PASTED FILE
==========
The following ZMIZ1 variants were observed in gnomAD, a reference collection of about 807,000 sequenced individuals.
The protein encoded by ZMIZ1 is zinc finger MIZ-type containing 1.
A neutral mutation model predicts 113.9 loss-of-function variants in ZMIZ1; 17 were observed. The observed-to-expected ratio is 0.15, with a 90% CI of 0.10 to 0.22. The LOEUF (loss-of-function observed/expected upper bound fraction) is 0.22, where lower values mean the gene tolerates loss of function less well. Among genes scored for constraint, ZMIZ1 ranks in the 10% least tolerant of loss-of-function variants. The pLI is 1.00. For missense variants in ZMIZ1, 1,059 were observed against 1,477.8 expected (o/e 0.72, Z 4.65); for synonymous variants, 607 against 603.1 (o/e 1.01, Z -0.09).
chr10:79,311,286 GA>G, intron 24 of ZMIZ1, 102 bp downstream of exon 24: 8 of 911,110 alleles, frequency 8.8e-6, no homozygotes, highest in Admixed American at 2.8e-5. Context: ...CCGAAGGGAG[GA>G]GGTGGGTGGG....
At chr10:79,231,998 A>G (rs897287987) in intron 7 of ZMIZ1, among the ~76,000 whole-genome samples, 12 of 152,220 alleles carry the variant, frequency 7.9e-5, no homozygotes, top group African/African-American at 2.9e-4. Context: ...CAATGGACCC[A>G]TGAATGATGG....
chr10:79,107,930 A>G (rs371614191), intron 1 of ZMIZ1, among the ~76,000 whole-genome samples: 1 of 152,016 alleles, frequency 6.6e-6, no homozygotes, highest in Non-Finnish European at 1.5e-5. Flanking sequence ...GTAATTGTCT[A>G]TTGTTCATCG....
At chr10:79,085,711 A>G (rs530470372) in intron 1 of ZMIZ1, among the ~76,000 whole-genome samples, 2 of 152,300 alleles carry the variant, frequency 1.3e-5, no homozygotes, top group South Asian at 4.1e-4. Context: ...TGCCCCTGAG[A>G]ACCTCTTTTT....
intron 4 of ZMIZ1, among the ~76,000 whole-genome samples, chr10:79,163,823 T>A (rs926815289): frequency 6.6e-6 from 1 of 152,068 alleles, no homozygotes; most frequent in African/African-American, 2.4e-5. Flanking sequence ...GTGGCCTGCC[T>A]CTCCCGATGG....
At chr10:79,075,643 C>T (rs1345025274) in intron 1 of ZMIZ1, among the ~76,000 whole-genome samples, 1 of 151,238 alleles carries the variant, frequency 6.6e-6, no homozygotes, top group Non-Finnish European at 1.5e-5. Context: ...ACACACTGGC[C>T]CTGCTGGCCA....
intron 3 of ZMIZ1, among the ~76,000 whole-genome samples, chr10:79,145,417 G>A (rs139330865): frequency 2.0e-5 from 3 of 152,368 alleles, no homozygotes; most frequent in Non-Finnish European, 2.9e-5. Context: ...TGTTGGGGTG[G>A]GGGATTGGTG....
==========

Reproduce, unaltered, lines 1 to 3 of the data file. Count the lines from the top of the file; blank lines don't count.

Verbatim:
The following ZMIZ1 variants were observed in gnomAD, a reference collection of about 807,000 sequenced individuals.
The protein encoded by ZMIZ1 is zinc finger MIZ-type containing 1.
A neutral mutation model predicts 113.9 loss-of-function variants in ZMIZ1; 17 were observed. The observed-to-expected ratio is 0.15, with a 90% CI of 0.10 to 0.22. The LOEUF (loss-of-function observed/expected upper bound fraction) is 0.22, where lower values mean the gene tolerates loss of function less well. Among genes scored for constraint, ZMIZ1 ranks in the 10% least tolerant of loss-of-function variants. The pLI is 1.00. For missense variants in ZMIZ1, 1,059 were observed against 1,477.8 expected (o/e 0.72, Z 4.65); for synonymous variants, 607 against 603.1 (o/e 1.01, Z -0.09).